The consensus amongst small business owners and chambers of commerce is that the continued load-shedding and Eskom’s proposed tariff hikes for next year will sound the death knell for many SMMEs. The utility announced that it plans to apply a 32% tariff increase to solve its R200 billion debt. Small business owners and the National Union of Municipal Chambers of Commerce and Industry believe that not only is the tariff hike unreasonable, but in the face of the already crippling load-shedding, it will kill many small businesses.
Simphiwe Nkula, who runs Emerald Metering & Utility Management which installs smart meters and does electricity readings for municipalities, told Vutivi News that load-shedding has resulted in his business bleeding R70,000 in profit in under a week.
He said that in the past two months, he lost around R200,000 in profits due to the consistent load-shedding. He is also losing money by paying his workers salaries for work they cannot do thanks to the rolling power cuts. “I have to pay my team in Richards Bay for their accommodation, and it’s essentially for nothing,” he said. “My employees work three out of the eight hours they must work, and load-shedding makes it difficult to plan our day and month, and we don’t even know when this will end.”
Nkula said that renewable energy was the alternative solution to the power crisis. He said that if the issue was not resolved soon, he may lose his employees, contracts, and his business. Fundiswa Gxoyiya, who owns the clothing company BlackFura, said that load-shedding had forced her to retrench some of her employees and if the tariff was hiked and the power cuts continued, her business might not make it.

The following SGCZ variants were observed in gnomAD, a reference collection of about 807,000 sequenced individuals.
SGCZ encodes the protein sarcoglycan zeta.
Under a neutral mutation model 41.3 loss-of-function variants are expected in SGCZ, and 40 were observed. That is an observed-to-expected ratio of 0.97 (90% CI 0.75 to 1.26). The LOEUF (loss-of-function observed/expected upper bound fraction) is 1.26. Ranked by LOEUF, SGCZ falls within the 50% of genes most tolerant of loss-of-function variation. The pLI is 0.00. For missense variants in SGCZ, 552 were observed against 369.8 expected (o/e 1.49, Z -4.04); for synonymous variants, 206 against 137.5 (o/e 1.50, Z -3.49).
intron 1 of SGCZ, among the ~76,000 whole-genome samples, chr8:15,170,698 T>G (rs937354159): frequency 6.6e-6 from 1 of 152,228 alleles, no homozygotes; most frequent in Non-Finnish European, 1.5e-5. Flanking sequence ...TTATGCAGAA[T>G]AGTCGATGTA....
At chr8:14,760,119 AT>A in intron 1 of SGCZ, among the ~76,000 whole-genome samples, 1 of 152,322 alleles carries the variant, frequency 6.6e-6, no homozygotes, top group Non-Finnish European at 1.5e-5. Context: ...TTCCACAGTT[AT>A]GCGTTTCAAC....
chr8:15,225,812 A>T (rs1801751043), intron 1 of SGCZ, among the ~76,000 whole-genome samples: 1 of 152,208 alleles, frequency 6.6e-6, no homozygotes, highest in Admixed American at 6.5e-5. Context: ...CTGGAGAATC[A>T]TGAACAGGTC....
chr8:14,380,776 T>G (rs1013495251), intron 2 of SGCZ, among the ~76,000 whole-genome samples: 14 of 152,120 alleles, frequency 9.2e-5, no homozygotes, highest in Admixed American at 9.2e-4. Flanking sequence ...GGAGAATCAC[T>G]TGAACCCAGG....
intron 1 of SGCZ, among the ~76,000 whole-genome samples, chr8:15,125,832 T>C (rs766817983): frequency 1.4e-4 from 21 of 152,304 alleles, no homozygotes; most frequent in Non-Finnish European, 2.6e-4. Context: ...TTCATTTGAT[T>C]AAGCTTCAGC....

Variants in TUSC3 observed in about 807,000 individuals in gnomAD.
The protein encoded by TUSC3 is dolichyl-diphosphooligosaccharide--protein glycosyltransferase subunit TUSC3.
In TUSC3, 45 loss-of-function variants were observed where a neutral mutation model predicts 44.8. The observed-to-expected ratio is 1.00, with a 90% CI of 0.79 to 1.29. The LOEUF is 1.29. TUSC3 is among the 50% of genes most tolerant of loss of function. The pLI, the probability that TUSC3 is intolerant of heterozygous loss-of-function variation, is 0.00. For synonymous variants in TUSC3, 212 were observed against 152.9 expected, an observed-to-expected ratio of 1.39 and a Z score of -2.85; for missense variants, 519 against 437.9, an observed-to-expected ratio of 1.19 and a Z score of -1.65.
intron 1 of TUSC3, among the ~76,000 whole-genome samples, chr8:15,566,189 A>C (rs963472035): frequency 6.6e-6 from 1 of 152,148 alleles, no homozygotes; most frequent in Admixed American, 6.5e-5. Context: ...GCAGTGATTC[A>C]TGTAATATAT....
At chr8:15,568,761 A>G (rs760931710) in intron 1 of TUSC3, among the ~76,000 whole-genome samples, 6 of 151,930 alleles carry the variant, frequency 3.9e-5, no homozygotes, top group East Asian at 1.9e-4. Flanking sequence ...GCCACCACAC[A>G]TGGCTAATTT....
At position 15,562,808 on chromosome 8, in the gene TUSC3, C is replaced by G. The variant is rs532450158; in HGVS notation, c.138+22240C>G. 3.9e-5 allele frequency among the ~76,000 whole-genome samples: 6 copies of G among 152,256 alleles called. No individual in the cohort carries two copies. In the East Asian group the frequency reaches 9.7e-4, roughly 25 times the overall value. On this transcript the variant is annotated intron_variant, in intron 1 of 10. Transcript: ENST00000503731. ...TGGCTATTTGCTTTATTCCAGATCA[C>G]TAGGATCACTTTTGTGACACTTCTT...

Ironically, while she was speaking to Vutivi News, she suddenly experienced her second bout of load-shedding for the day. “I missed my deadlines and because of this, I lost clients and this is because I don’t have a backup power source,” she said. “As a result, I cannot take as many orders as I normally do, and this has forced me to let go of two of my staff members until the load-shedding ceases.”
Gxoyiya said that if the 32% tariff hike was imposed, her profits would be used to pay her electricity bill, and this would end her business and deprive her employees of their livelihoods. NUMCCI president Albert Jeleni warned that the rolling blackouts had caused widespread panic in the business community and that the proposed hike was unsustainable and would not solve Eskom’s debt.
“In the age, we live in, electricity is necessary for most small businesses, and such a hike would render small businesses unprofitable,” he told Vutivi News. “It’s really going to hang small businesses.” Jeleni also said that the panic within the business community was caused by uncertainty. And this had serious consequences.
“At some point businesses were told that they would not experience load-shedding, and they panic because they are not sure whether Eskom’s management and leadership are aware of the root cause of the problem,” he said. “Investors looking to invest in South African businesses are skeptical, and as a result, SMMEs will suffer the loss of new opportunities derived from these investments,” Jeleni said that the solution was for Eskom to give clarity on the real issues behind its problems, and how long it would take to fix them.